2. Your dialogue helps form the mysterious and suspenseful mood you shape in this passage. At times it works really well, particularly in the short, snappy exchange at the beginning of the piece. Do look out for your dialogue and attribution tags, though. For example:

    “I want to show you something” said the hooded man “come”

    Should read:

    “I want to show you something,” said the hooded man. “Come.”

    Check out our guide on how to perfect your dialogue, attribution and action tags here:

    3. I think this passage works as a hook. It makes you want to find out why the girl was rescued, who she was, and what this world is they are a part of. I do think you might need to give ‘the hooded man’ and ‘the brown eyed man’ specific names, or at least justify why he is wearing a hood. Is it religious or for disguise? Specificity is key.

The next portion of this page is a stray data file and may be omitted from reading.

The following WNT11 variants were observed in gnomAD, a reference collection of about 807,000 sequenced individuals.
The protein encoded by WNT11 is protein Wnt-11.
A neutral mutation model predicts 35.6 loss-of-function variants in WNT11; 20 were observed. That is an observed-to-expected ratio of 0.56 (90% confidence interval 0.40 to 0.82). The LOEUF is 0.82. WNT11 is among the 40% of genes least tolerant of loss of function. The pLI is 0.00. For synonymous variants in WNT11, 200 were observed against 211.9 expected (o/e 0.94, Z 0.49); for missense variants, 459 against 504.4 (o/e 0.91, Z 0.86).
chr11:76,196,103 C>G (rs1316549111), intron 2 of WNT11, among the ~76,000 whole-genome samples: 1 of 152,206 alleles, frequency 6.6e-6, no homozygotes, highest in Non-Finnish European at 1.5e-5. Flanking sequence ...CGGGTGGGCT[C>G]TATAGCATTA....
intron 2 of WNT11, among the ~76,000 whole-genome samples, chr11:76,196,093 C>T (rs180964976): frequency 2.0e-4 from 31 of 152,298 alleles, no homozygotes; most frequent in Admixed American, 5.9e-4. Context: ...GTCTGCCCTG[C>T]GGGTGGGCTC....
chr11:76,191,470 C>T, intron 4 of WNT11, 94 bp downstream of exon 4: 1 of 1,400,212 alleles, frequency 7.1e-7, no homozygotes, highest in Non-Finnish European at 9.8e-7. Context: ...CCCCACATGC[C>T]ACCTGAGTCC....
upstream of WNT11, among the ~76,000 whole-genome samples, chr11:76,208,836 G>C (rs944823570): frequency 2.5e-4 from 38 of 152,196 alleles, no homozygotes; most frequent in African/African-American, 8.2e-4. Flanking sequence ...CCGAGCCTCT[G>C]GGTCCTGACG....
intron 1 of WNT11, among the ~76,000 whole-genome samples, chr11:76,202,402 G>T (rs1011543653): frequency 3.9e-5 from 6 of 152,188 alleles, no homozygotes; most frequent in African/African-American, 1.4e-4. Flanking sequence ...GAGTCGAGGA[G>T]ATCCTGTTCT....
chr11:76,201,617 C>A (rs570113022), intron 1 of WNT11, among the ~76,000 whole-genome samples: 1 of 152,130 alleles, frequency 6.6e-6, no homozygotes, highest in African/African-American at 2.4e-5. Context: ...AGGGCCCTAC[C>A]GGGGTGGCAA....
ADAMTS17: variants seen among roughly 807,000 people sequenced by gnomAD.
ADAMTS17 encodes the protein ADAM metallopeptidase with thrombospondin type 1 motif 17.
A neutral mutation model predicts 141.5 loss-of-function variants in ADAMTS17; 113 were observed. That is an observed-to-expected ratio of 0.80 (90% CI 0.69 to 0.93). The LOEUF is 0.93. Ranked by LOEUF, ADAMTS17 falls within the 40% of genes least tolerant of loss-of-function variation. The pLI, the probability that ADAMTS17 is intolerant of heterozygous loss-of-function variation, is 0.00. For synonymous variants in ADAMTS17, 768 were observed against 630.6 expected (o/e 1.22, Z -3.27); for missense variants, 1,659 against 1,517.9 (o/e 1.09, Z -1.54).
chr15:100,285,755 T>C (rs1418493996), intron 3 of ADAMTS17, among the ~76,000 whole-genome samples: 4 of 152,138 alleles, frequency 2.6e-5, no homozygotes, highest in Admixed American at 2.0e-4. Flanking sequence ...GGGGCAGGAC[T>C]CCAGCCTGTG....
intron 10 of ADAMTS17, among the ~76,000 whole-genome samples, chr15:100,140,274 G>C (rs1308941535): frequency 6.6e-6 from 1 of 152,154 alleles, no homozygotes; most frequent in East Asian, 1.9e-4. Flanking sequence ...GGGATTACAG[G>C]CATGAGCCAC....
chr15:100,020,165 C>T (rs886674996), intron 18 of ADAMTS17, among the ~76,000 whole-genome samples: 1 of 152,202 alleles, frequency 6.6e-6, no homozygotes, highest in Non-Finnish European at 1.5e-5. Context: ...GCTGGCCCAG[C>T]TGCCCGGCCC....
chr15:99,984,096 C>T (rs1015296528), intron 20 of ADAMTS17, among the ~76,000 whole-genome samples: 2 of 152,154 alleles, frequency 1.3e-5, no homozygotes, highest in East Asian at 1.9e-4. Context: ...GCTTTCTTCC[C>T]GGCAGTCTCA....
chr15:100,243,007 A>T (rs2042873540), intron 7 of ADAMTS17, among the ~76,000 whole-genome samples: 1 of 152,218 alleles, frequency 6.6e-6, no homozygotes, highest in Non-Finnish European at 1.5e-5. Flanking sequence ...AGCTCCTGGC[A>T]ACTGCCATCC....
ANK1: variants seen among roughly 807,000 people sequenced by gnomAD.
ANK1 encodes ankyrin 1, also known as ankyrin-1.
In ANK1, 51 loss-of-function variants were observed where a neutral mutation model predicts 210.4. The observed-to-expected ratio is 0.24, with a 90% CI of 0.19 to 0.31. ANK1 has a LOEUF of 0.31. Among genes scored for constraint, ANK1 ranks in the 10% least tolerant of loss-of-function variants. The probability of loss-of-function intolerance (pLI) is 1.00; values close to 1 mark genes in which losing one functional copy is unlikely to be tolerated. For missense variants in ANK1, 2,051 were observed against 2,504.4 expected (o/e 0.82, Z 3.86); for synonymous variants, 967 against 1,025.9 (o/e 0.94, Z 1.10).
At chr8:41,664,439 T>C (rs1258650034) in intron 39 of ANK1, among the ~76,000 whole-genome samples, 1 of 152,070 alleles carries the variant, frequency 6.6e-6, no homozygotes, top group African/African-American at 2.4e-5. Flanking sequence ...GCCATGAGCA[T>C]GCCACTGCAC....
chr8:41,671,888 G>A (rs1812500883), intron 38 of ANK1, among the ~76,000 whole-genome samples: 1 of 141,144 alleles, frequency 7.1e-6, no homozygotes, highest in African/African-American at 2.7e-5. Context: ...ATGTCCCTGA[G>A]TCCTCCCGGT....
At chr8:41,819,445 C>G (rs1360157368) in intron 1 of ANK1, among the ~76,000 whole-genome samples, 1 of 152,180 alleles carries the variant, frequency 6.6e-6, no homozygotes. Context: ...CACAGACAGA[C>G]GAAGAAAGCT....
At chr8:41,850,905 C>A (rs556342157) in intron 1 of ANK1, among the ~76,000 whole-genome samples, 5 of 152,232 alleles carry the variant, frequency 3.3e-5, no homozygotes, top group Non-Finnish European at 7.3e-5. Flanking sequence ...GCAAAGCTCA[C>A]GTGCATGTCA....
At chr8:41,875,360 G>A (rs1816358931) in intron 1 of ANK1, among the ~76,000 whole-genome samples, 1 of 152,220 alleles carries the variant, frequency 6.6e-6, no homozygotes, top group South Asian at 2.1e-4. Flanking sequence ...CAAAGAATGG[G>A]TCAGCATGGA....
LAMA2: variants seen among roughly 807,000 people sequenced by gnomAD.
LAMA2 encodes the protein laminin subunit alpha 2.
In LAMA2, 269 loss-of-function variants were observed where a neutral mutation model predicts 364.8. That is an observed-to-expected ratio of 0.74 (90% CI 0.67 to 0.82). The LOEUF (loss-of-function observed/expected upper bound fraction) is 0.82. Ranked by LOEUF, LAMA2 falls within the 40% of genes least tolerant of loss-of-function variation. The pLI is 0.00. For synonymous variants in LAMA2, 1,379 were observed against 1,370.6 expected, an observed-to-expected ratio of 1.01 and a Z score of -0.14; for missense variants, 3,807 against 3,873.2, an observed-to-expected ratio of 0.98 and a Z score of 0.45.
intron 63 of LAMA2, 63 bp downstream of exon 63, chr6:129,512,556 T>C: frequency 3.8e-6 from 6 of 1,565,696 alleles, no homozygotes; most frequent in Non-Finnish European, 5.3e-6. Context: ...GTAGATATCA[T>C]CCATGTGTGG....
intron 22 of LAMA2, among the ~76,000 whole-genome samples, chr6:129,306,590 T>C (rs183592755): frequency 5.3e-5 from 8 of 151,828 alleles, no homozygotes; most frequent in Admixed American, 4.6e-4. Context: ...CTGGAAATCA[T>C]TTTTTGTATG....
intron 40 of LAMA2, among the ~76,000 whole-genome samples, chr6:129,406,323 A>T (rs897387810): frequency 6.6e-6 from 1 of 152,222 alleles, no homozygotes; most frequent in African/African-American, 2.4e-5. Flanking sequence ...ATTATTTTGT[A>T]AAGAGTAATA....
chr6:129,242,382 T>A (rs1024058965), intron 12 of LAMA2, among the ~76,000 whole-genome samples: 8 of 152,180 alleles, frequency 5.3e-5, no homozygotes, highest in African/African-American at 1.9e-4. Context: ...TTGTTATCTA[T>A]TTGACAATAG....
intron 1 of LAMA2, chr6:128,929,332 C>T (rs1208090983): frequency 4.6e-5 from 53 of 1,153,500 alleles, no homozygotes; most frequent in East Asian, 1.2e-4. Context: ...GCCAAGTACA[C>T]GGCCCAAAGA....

4. You switch from 3rd to 1st person at the start of the piece. I’m not sure if this is intentional, but it might be worth considering sticking to one or the other. Personally, I like the immediacy of 1st person and the point of view that comes with that. Your last line is particularly salient, and I think you could make more of the narrator’s attachment to (what I presume to be) the Princess, by adding a little colour to their relationship and building up to the moment she is released. There’s room for tension there. It’s too easy at the moment – he gets the girl without any problems. Perhaps her captor doesn’t want to let her go? Or maybe there are other problems. Back to the original point – I’d stick to a consistent 1st person POV, as I think it works really well.

    Take a look at our advice on point of view and tense if you need some extra guidance:

    I really enjoyed reading The Princess of Azbar, and I’d be keen to see more of it! Thanks for sharing and good luck with your writing. 🙂


    Liked by 1 person

  3. Many thanks to Phil and Chloe and, of course, to John for sharing his work. John, I’ve updated the post above to include my feedback. If you have any problems opening the attachment, please let us know. Thanks again for taking the brave step to share your work – I hope the experience has been useful.